Jay Holcomb. Photo by Jon Hrusa/IFAW
International Bird Rescue executive director Jay Holcomb, an icon in the world of wildlife rehabilitation and a relentless pioneer in oiled wildlife care since the 1970s, died on June 10, 2014.
Under his direction, International Bird Rescue grew into one of the world's preeminent wildlife organizations, caring for animals affected by large-scale oil spills such as Exxon Valdez in 1989 and the Gulf Spill in 2010, where Holcomb and his team cared for pelicans, gannets and other birds harmed by the environmental disaster.
Holcomb became executive director of International Bird Rescue in 1986 and has held director and director emeritus roles since then. During his leadership, the organization led or co-led oiled wildlife efforts at some of the world's largest oil spill emergencies, from the MV Erika Spill in France to the Treasure Spill in South Africa. During the Gulf Spill in 2010, International Bird Rescue's response team was mobilized in four states.
"I've devoted my career to wildlife rehabilitation," Holcomb wrote in his organization's 2013 annual report. "It's an often unsung, crisis-based field, and the challenges in the work are many. But I can't think of anything more rewarding I could have done with my life."
Melina Mosch. Photo by Ivar Ojaste
We at International Bird Rescue were saddened to hear of the recent death of Melina Mosch. Melina was a key part of Project Blue Sea, an environmental advocacy and direct action organization that we have worked side-by-side with at a number of spills in Europe.
Melina was a vital part of the team caring for oiled birds in the response center at Keila during the Estonia Mystery Spill in 2006. She later interned in IBR's rehabilitation program at the San Francisco Bay Center in Cordelia, California and was known by us all for her hard work, thoughtfulness and her dedication to animals.
She had battled illness for several years before finally succumbing on February 20, 2010. She will be sorely missed by all of us, human and non-human animal alike.
Damien "Joey" Joseph Kam, (far right) with his family.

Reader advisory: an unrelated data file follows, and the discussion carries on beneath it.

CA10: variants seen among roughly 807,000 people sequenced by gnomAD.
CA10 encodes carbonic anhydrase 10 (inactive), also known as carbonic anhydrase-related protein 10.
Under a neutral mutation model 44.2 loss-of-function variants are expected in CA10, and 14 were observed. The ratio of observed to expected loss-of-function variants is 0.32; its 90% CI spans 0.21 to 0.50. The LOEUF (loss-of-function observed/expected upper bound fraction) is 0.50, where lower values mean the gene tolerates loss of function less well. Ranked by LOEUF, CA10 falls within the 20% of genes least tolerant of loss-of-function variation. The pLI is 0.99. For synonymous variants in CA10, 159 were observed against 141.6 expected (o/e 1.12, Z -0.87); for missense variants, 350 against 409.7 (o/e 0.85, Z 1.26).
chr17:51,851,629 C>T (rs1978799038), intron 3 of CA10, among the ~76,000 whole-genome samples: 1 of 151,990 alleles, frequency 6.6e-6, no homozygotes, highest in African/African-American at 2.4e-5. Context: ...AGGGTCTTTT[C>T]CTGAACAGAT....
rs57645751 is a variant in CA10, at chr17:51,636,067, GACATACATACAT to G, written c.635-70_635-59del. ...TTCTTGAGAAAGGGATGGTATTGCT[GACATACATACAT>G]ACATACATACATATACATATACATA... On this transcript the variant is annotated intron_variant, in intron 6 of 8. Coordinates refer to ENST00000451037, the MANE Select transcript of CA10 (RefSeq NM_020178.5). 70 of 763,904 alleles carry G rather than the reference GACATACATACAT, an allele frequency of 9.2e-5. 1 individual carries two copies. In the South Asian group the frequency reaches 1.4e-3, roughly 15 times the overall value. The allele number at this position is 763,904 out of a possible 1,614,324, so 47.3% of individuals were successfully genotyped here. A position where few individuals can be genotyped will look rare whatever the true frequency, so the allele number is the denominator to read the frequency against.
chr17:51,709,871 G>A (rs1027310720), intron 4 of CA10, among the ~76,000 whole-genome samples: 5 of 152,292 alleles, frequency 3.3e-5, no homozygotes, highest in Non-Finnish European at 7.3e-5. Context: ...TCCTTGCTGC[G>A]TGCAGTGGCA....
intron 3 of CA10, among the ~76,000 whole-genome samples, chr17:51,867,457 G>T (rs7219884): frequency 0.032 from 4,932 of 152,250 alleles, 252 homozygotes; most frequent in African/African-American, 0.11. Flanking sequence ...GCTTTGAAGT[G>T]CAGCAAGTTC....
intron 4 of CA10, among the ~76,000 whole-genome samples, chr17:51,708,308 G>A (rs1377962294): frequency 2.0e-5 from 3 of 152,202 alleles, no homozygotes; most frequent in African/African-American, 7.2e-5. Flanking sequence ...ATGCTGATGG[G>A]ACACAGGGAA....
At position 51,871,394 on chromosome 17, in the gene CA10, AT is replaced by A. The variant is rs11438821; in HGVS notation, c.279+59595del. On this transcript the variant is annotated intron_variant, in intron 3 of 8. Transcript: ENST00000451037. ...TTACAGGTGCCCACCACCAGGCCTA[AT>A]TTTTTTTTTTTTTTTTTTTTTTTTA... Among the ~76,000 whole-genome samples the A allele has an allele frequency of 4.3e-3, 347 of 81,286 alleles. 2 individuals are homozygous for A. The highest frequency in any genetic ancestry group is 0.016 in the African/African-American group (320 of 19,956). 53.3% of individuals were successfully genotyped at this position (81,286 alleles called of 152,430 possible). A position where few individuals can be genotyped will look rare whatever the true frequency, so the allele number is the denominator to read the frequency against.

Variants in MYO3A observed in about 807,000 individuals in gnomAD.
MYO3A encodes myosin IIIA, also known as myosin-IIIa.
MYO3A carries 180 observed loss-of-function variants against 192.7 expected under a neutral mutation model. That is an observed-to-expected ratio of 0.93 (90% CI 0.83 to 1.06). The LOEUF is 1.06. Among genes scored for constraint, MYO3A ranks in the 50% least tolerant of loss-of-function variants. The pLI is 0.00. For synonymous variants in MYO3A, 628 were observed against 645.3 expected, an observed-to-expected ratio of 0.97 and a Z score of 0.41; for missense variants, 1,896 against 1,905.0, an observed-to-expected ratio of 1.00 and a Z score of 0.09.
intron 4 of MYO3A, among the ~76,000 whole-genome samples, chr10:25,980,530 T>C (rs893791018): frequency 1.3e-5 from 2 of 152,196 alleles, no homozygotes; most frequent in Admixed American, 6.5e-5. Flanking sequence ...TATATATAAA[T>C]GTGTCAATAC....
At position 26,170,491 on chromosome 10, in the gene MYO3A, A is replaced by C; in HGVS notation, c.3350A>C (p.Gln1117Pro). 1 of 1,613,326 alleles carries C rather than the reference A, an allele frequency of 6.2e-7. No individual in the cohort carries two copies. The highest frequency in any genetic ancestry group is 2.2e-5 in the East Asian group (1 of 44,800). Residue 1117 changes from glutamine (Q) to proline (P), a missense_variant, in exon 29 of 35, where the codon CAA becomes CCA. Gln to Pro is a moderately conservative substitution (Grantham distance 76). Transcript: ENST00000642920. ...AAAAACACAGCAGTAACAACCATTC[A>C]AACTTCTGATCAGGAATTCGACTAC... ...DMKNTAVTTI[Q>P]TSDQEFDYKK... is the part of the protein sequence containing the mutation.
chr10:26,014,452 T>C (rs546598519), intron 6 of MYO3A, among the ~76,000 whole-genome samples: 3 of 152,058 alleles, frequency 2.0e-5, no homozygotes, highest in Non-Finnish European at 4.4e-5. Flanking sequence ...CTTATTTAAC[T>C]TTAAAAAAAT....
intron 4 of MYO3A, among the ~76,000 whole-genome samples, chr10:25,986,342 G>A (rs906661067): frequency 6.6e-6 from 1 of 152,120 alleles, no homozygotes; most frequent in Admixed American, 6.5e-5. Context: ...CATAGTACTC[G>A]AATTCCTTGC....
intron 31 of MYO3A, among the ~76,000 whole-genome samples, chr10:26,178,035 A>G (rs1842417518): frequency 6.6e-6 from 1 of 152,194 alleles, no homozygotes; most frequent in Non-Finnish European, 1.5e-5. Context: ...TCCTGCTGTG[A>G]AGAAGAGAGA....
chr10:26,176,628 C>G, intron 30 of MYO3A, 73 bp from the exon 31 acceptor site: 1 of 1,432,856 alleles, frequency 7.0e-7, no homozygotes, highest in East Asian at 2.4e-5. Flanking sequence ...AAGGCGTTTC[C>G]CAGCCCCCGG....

Damien "Joey" Joseph Kam, dedicated volunteer at the San Pedro bird center and husband of one our respected former employees, Cyndie Kam, passed away unexpectedly in Newport Beach, CA, on August 28, 2009. He was 44.
He is survived by his wife, Cyndie, and son Colin, of Costa Mesa, CA, Mother and step-father, Barbara and Earl Naito, Father, Willis Kam, and Sister Teri Hampton and family.
Originally from Honolulu, Hawaii, Damien lived in California since 1994. He was an employee at PIMCO for over 4 years. Damien was a loving and dedicated husband and father.
Our heart goes out to Damien's loving family. He will be greatly missed.
A remembrance and more photos at www.damienkam.blogspot.com
Eric John Sticht, an avid IBR volunteer and most recently a part-time facilities manager, passed away on Friday, October 19, 2007 of natural causes. He was 47.
He had a great love of nature and animals, and worked many tireless hours at the International Bird Rescue and Research Center in San Pedro.
Eric was born on September 7, 1960 in Pomona, California. He is survived by his twin brother, Mark; his sons, Sean and Kevin; and his niece, Hannah. Eric grew up in Newport Beach where he loved sailing, body surfing and cook outs on the beach.
He graduated from Corona Del Mar High School and then UC Irvine with a degree in Computer Science. Eric excelled in his computer programming jobs and his many activities. He loved to go camping with his sons. He was an avid sailor, kayaker, and scuba diver.
He will sorely missed by all his friends at IBRRC and the countless friends that crossed his path.
Update: Each year the National Wildlife Rehabilitators Association awards the Eric Sticht Memorial Scholarship. It is given to enhance the education of wildlife rehabilitators. One scholarship is awarded to help defray expenses of attending the NWRA Symposium. This scholarship is given through NWRA by longtime IBR supporter and volunteer Dave Weeshoff in memory of Eric. See additional info: NWRA Eric Sticht Memorial Scholarship.
Mary Dunlap a long-time friend and supporter of International Bird Rescue died on Jan 17, 2003. She was a respected civil rights attorney in San Francisco and taught law at Hasting College. Mary was the director of San Francisco's Office of Citizen Complaints, the city's independent police watchdog agency.
Mary died her home in San Francisco. She was 54.
"...After the disastrous November 2007 oil spill in the San Francisco Bay that threatened marine life throughout the bay and along a huge swathe of the California coast, several of Mary's friends volunteered at a major rescue center, the International Bird Rescue and Research Center in the Fairfield-Suisun delta, for training in the intake and care of oiled birds."